Media theorist and cultural critic Marshall McLuhan’ s ideas appear repeatedly in these sources, and McLuhan had read cybernetics and viewed Wiener’s work favorably (Kline, 2009). While McLuhan was not a “cyber­netician” per se, the centrality of “electric speed” and the relationship of electric technologies to the human nervous system in his writings are worth noting: “Having extended or translated our central nervous system into the electromagnetic technology, it is but a further stage to transfer our con­sciousness to the computer world as well” (1964, 67). McLuhan further states, “Our private and corporate lives have become information processes because we have put our central nervous systems outside ourselves in elec­tric technology” (1964, 60). I argue that the artists’ references to McLuhan and the way that his arguments are treated as self-evidently true provide evidence that his ideas about a “cybernated” society are just beneath the surface for some of these people in their conceptions of what they were producing as experimental musicians.
Cybernetics thus offered a malleable and popular vocabulary for dis­cussing and creating music to reflect a range of topics considered important by experimental music practitioners. The use of the language of cybernetics in the field of music by people who were not practitioners of the sciences of cybernetics bolsters Bowker’ s claim that the cyberneticians’ strategic development of a universal language was successful, but perhaps it was too successful. Ronald Kline (2009) has drawn attention to the fact the cyborg, later a popular concept for both cyberneticians and analysts of cybernetics in science studies (Haraway 1991), was not a component of cybernetics as envisioned by main cyberneticians until the mid-1960s. The cyborg’ s appearance in many contexts illustrates the broader point that cybernetics was ripe for not only translation but wholesale appropriation, and it could mean many things to many people. Cybernetics offered a means to frame the ambiguities, anxieties, and potentials inherent in issues pertaining to control and complexity in art and music, the relationships between humans, machines, and the environment, and the relationship of art and music to the society at large (including ideas in the sciences). Edwards has referred to the “open horizon of an unpredictable and increasingly complex postmodern world” (1996, 252); one wonders whether Brian Eno was raising these issues in the title of his 1978 album Before and After Science.[Note 8] David Cope writes of John Cage that “Encouraged by the words of social philosopher Marshall McLuhan [and others] …., Cage has developed a personal philo­sophy expressed clearly in his sweeping statement: ‘Everything we do is music’ (Cope 1976, 197). Clearly, cybernetics was more than science, as early as the 1950s, and certainly by the 1960s.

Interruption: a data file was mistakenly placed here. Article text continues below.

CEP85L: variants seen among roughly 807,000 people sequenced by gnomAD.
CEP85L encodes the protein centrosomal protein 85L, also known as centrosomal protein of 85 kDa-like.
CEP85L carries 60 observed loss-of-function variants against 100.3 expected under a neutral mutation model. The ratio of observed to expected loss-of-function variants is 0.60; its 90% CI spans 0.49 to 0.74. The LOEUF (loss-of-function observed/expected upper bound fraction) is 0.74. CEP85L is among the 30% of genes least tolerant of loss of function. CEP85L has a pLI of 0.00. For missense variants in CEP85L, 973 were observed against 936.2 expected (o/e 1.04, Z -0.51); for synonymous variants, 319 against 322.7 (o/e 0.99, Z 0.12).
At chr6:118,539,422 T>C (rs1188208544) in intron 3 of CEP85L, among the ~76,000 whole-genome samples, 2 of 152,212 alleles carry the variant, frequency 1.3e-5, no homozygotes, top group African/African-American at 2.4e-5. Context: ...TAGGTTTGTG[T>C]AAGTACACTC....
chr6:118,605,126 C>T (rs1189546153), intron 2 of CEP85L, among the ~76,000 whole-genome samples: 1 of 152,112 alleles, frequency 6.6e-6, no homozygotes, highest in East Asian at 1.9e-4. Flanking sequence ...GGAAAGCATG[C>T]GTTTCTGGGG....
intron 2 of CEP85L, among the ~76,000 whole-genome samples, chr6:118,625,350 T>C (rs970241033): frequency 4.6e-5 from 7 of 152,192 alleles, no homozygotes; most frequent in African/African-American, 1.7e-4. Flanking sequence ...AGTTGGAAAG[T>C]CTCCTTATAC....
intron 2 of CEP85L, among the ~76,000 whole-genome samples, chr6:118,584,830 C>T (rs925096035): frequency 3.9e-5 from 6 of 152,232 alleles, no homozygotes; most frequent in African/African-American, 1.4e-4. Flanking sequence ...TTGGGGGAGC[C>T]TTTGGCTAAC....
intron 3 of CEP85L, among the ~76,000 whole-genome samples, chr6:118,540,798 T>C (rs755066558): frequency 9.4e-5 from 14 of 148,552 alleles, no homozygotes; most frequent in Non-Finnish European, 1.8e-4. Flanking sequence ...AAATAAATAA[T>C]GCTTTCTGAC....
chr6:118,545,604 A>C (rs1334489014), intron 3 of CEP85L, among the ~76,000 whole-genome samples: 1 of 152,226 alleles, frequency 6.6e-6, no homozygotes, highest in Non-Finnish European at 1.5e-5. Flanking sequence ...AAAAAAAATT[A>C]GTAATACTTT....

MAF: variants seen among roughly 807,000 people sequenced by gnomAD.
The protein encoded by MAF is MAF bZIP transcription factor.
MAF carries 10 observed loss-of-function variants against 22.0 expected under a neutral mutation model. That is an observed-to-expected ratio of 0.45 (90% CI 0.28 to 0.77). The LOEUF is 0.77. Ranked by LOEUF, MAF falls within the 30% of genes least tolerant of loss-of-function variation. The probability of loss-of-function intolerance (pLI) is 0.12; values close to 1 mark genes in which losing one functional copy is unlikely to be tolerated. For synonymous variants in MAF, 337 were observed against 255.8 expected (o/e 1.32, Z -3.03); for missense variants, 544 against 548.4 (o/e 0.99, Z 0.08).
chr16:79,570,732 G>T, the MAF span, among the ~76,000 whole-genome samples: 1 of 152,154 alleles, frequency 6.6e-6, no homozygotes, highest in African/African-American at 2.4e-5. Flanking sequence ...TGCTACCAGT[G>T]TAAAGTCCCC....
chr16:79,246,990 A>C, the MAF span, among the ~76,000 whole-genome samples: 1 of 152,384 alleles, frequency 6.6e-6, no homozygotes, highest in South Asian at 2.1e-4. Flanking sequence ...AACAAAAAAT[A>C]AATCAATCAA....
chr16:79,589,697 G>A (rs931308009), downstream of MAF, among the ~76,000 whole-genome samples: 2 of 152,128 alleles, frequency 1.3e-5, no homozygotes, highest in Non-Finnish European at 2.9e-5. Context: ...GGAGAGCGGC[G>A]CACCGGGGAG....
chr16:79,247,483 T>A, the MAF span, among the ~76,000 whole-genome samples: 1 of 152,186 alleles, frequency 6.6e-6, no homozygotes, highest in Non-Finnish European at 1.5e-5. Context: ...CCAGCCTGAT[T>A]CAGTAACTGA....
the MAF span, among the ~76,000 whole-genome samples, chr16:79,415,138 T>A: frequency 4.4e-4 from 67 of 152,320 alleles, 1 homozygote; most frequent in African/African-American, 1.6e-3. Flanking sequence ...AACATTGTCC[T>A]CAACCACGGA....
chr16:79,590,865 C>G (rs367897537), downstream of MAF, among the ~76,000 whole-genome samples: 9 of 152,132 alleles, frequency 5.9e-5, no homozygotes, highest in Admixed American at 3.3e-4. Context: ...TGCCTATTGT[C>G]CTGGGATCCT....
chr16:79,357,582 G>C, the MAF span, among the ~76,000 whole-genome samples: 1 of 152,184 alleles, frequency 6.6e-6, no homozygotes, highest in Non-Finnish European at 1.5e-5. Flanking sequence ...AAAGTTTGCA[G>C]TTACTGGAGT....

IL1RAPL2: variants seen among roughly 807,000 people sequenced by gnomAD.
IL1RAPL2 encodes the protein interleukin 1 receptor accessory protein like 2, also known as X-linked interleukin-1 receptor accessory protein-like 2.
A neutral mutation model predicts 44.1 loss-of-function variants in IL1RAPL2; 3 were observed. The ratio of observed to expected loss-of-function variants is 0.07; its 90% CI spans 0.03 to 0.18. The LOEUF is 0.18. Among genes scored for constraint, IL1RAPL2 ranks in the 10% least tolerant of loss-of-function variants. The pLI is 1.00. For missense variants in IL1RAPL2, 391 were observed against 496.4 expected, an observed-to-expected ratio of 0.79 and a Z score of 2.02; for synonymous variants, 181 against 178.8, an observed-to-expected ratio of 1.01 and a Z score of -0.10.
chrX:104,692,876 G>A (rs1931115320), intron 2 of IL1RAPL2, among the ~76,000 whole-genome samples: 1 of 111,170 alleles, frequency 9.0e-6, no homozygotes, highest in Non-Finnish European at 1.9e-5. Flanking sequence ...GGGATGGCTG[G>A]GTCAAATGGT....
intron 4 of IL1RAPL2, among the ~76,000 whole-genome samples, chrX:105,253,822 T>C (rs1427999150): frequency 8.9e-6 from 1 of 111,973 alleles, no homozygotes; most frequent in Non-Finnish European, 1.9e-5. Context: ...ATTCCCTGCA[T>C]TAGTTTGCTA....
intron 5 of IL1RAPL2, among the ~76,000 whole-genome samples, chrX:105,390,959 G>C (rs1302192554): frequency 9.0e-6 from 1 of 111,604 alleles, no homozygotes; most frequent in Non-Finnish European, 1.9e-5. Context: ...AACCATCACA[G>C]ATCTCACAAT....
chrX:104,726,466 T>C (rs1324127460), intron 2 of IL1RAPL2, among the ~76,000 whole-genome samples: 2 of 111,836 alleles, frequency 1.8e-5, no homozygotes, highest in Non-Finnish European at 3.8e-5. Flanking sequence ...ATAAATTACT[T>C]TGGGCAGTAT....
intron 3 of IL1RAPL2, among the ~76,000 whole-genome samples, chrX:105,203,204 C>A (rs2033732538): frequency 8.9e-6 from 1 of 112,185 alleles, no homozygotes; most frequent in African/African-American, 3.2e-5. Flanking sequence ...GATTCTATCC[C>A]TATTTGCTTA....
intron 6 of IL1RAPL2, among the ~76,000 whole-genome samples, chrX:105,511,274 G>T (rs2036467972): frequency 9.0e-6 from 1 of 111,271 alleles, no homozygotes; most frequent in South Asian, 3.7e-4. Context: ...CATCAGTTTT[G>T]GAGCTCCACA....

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Endnotes
1
Greenwald (1986, 57); Taylor (2001, 94). Often films would use acoustic/traditional instruments for earth settings and humans, and electronic sounds for space and space creatures; the Barrons ignored this convention in this film.
2
Here, I wonder whether Bebe is referring to Wiener’s discussion of animal reflexes and Pavlov’s research with animals, Human Use of Human Beings (1954, 68-9). The first edition of Human Use of Human Beings was actually published in 1950, not 1951 as Bebe stated.
3
Cage was active the New York City arts/countercultural scene in the 1960s and 1970s, and this statement bears a resemblance to other contemporary techno-utopian sentiments, like these lines from Richard Brautigan’s 1967 poem “All Watched Over by Machines of Loving Grace”: I like to think (and/the sooner the better!)/of a cybernetic meadow/ where mammals and com­puters/ live together in mutually/programming harmony ….
4